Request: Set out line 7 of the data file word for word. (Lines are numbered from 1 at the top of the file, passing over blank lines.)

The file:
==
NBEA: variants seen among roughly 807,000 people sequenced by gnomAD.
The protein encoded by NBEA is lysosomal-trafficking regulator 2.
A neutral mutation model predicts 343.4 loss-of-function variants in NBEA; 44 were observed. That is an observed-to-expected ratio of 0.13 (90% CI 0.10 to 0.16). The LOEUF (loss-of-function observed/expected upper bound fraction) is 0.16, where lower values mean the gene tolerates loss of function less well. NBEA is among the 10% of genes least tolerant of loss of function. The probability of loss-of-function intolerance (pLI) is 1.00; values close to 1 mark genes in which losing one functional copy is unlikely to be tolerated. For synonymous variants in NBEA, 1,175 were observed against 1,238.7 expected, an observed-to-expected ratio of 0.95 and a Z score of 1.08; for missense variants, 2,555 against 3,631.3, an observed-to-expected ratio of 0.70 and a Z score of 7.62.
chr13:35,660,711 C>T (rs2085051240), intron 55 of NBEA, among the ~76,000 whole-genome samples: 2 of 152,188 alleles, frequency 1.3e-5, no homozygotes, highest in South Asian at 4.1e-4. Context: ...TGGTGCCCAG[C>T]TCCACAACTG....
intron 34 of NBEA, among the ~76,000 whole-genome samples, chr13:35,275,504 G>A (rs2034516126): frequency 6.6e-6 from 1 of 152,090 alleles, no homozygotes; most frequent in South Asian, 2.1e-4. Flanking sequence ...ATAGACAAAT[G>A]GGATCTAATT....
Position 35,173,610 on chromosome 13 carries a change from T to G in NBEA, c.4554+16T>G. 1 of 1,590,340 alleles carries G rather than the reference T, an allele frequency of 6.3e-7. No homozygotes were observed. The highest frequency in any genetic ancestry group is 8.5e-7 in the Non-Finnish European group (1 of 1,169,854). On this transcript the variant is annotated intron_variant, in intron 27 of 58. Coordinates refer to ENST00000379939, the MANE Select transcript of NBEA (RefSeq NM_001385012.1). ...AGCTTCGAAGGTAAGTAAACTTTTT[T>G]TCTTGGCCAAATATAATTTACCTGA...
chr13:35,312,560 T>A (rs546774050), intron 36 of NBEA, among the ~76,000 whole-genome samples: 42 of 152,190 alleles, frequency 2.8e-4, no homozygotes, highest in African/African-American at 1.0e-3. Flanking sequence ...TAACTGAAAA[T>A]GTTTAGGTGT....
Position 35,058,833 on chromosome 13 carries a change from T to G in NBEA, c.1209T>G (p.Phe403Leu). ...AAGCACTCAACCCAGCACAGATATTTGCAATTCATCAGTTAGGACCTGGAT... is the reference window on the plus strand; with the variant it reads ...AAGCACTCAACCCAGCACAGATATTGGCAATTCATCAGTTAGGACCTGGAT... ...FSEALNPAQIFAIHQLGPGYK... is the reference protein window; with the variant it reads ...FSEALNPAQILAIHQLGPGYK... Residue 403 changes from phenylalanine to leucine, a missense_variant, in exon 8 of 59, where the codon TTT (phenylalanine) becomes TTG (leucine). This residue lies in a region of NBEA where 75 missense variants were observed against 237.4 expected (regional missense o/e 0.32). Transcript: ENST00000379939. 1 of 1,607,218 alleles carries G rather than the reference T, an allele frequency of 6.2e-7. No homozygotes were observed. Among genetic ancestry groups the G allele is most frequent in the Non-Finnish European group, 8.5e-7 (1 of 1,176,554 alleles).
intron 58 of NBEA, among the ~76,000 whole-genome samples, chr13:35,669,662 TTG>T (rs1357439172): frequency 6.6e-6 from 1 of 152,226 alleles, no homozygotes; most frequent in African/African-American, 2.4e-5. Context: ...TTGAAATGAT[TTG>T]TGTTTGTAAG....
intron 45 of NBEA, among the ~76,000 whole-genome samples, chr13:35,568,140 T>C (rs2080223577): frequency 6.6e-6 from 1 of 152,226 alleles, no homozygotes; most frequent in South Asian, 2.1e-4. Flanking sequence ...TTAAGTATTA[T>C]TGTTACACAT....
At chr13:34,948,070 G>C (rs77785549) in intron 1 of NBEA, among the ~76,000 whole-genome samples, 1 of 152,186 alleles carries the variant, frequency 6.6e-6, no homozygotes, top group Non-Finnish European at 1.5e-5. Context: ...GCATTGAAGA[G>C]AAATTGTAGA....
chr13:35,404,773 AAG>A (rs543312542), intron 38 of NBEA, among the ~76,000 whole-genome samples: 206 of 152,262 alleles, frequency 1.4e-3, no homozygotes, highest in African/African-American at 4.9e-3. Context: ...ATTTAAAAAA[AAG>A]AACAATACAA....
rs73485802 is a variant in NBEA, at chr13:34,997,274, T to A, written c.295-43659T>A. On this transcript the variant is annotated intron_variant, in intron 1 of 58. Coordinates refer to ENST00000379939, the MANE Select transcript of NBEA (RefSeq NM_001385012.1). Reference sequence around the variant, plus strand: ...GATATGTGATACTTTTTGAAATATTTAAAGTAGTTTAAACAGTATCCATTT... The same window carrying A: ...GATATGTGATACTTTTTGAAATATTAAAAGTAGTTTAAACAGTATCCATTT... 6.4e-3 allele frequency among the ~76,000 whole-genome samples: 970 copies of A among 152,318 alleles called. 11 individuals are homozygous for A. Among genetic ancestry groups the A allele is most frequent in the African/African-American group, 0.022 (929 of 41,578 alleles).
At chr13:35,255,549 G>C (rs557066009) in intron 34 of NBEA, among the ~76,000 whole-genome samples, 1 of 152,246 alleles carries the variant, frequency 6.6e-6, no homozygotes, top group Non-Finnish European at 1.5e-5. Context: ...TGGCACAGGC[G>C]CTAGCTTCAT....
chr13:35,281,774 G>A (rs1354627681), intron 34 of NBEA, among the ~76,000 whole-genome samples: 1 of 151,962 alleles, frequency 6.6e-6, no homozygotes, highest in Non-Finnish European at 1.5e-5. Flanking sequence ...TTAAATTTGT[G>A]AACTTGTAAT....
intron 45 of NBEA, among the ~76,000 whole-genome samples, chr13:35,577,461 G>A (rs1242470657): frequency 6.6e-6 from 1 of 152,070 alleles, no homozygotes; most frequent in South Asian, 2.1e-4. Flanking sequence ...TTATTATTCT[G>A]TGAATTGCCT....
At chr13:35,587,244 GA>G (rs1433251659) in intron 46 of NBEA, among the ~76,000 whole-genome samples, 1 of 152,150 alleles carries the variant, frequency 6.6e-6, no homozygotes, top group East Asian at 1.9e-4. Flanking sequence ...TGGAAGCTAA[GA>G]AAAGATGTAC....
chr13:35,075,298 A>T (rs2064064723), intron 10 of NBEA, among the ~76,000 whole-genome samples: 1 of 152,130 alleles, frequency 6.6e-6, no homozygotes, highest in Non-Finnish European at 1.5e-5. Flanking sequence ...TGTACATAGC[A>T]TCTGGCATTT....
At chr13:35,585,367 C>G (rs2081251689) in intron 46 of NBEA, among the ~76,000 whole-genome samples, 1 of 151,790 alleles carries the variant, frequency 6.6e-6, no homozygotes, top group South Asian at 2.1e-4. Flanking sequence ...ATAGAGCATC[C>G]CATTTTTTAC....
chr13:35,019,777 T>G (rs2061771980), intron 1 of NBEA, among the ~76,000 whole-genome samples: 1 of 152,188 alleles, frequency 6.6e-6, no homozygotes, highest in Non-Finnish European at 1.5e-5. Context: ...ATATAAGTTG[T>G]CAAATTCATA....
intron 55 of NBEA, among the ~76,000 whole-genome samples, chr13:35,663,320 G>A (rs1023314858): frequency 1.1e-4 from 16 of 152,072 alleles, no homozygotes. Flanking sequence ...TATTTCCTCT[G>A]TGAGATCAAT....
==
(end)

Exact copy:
chr13:35,312,560 T>A (rs546774050), intron 36 of NBEA, among the ~76,000 whole-genome samples: 42 of 152,190 alleles, frequency 2.8e-4, no homozygotes, highest in African/African-American at 1.0e-3. Flanking sequence ...TAACTGAAAA[T>A]GTTTAGGTGT....